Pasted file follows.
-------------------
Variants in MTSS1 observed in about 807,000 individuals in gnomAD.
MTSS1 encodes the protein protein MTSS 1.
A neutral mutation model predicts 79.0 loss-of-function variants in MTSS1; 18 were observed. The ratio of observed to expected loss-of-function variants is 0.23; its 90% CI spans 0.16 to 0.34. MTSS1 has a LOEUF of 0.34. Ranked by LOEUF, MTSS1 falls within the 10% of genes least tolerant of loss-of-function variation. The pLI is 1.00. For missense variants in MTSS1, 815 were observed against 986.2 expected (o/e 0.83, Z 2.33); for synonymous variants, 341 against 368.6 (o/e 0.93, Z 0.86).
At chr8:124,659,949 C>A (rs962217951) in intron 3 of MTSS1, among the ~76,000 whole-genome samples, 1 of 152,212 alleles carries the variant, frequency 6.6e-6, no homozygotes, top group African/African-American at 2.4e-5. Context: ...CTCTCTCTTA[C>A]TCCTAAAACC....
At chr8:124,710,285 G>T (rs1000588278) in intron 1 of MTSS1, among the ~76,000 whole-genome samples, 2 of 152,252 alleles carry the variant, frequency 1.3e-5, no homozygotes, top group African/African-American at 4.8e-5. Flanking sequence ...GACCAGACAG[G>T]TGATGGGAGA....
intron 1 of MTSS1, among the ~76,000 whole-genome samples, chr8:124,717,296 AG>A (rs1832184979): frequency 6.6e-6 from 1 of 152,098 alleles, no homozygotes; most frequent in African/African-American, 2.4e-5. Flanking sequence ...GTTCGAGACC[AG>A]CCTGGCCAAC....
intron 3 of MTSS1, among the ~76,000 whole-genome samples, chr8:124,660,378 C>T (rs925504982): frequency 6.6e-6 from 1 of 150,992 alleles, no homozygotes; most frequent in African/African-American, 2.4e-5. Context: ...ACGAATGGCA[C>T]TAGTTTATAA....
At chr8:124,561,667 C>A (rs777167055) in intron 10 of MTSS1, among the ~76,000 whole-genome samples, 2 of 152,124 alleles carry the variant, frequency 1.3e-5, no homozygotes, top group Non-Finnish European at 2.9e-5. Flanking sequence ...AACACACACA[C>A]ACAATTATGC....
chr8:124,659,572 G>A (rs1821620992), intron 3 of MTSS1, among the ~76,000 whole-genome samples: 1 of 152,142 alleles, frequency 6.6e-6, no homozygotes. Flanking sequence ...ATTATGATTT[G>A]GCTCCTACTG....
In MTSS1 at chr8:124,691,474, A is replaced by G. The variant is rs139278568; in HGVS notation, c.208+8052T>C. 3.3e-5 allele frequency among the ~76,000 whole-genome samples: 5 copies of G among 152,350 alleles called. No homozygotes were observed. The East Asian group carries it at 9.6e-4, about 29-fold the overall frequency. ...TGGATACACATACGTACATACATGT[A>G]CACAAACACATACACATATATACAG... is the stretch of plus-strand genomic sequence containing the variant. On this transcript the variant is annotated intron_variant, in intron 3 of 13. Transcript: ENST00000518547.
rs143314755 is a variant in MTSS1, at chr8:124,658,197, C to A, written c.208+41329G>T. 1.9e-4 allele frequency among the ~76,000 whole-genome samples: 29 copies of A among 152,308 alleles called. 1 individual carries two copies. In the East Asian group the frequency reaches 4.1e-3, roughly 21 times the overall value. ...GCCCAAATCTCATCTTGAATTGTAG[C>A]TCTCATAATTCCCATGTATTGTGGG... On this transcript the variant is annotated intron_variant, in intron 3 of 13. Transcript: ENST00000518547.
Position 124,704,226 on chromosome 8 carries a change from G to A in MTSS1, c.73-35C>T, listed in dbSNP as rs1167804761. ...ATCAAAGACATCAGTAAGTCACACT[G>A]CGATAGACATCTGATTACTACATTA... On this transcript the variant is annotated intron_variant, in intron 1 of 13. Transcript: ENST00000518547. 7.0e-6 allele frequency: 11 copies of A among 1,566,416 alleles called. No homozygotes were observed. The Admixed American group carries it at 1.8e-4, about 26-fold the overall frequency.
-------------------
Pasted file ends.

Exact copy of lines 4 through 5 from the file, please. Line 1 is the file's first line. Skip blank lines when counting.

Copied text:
At chr8:124,659,949 C>A (rs962217951) in intron 3 of MTSS1, among the ~76,000 whole-genome samples, 1 of 152,212 alleles carries the variant, frequency 6.6e-6, no homozygotes, top group African/African-American at 2.4e-5. Context: ...CTCTCTCTTA[C>A]TCCTAAAACC....
At chr8:124,710,285 G>T (rs1000588278) in intron 1 of MTSS1, among the ~76,000 whole-genome samples, 2 of 152,252 alleles carry the variant, frequency 1.3e-5, no homozygotes, top group African/African-American at 4.8e-5. Flanking sequence ...GACCAGACAG[G>T]TGATGGGAGA....